Aston Martin DB2 Team Car
The following description is excerpted from a July 1951 Autocar article by Gordon Wilkins: A CAR WITH A CAREER - Impressions of a famous Aston Martin
Some cars seem destined to draw the spotlight and hold it. Take the Aston Martin DB2 saloon VMF 64, for example. It made one of the outstanding British performances at Le Mans last year, when it was driven by George Abecassis and Lance Macklin, finishing fifth in the general category at 87.26 m.p.h. and tying for first place on Performance Index. Before that it had been driven by the late Raymond Sommer on his memorable run in the 1950 Production Car Race at Silverstone and by September it was in Northern Ireland, where Lance Macklin brought it home third in its class in the T.T. race.
For some months afterwards, it had a somewhat quieter life, being used for business journeys by Mr. David Brown, head of the group which controls Aston Martin and Lagonda, but early this year Mr. Brown decided to lend the car to T.H. Wisdom for the Mille Miglia race. The service department at Feltham gave it a thorough check over and towards the end of April the car was on its way to Brescia.
The result was a success which created a considerable impression in Italy, for the car covered the difficult route of over 970 miles at an average of 68.79 m.p.h. and won the class for fast convertibles and closed cars of production type over 2,000 c.c. with a margin of six minutes ahead of Amendola’s Ferrari.
After that it came back to England and was soon handed over to the experimental department of the Aston Martin works to be prepared for the Le Mans 24-hour race. The treatment was rather more extensive this time and a two-pronged programme was undertaken to produce more power and less weight in an effort to improve on last year’s performance. The compression ratio was pushed up to 8.16 to 1.
Meanwhile appropriate steps were taken within the framework of the regulations to jettison unnecessary weight. The bonnet was given one of the new light alloy radiator grilles, the interior trim and head lining were removed and very light seats were installed. These alterations permitted a change in the axle ratio, which was lowered from 3.77 to 1 to 3.27, allowing a very high cruising speed to be maintained down the long straight from Tertre Rouge to Mulsanne without overstressing the engine.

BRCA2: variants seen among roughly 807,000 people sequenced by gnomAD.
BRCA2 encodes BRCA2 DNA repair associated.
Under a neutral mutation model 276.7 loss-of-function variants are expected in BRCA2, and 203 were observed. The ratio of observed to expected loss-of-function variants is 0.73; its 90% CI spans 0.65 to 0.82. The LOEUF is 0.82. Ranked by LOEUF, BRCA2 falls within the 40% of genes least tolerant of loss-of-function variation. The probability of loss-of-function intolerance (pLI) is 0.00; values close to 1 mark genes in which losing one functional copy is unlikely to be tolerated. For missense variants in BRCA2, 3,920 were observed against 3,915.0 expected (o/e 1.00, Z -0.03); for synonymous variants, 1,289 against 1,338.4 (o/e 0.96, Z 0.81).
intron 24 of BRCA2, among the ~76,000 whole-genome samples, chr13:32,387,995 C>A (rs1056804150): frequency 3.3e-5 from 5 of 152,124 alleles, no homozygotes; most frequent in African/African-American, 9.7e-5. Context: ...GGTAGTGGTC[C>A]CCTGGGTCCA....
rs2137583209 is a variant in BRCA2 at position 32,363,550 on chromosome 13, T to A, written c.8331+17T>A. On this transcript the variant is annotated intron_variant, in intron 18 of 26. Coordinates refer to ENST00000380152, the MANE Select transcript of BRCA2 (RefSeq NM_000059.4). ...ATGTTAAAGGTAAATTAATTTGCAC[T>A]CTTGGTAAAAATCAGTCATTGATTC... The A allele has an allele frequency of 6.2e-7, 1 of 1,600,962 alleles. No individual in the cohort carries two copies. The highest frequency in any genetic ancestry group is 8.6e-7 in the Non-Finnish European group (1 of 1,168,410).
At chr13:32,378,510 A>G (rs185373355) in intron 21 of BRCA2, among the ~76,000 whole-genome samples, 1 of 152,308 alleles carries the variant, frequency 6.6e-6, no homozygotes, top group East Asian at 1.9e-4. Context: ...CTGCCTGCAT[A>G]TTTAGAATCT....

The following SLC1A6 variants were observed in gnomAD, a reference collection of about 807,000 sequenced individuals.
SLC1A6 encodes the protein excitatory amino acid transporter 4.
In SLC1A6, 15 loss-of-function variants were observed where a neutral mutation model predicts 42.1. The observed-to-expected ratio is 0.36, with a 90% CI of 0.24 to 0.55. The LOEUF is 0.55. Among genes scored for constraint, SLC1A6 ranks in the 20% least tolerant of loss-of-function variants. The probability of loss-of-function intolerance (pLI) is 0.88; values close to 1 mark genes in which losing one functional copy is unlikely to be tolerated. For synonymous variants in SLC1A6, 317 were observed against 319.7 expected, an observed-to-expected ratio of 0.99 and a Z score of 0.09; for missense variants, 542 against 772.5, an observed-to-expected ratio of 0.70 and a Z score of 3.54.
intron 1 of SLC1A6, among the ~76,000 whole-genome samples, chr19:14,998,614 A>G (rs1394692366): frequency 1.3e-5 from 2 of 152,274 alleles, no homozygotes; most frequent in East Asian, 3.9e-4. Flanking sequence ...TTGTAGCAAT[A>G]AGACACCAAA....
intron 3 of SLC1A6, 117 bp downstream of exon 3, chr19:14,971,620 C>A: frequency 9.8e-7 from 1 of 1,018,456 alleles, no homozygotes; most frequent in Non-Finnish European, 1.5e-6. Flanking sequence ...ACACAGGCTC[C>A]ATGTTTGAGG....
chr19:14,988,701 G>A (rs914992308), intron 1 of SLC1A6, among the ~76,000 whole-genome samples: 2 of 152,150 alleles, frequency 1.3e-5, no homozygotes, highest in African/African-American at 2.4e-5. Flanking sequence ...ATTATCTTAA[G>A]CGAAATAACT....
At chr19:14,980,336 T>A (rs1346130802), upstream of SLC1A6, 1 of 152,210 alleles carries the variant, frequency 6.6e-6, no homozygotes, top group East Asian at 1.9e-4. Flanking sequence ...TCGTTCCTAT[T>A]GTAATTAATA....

Once more VMF 64 rose to the occasion, making the best performance of all the five Aston Martins which made such a brilliant showing in the race. Driven once again by Lance Macklin, who this time had Eric Thompson as co-driver, it won the three-litre class and finished third in the general classification at an average of 90 m.p.h. In the excitement over the high speed at which this year’s race was won it is easy to overlook the fact that this 2 ½ litre saloon, in finishing third, maintained a higher average speed than Rosier’s 4 ½ Talbot when it won last year’s race, despite the bad weather conditions this year.”
This car was auctioned off by RM Auctions in October of 2009 at the Battersea Evolution, London.
130 bhp, twin overhead camshaft 2,580 cc inline six-cylinder engine, David Brown four-speed gearbox, independent front suspension with trailing link, coil springs and Armstrong lever dampers, live Salisbury rear axle with coil springs, front and rear 12-inch hydraulic drum brakes, Dunlop 16-inch wire wheels. Wheelbase: 99".
Source: RM Auctions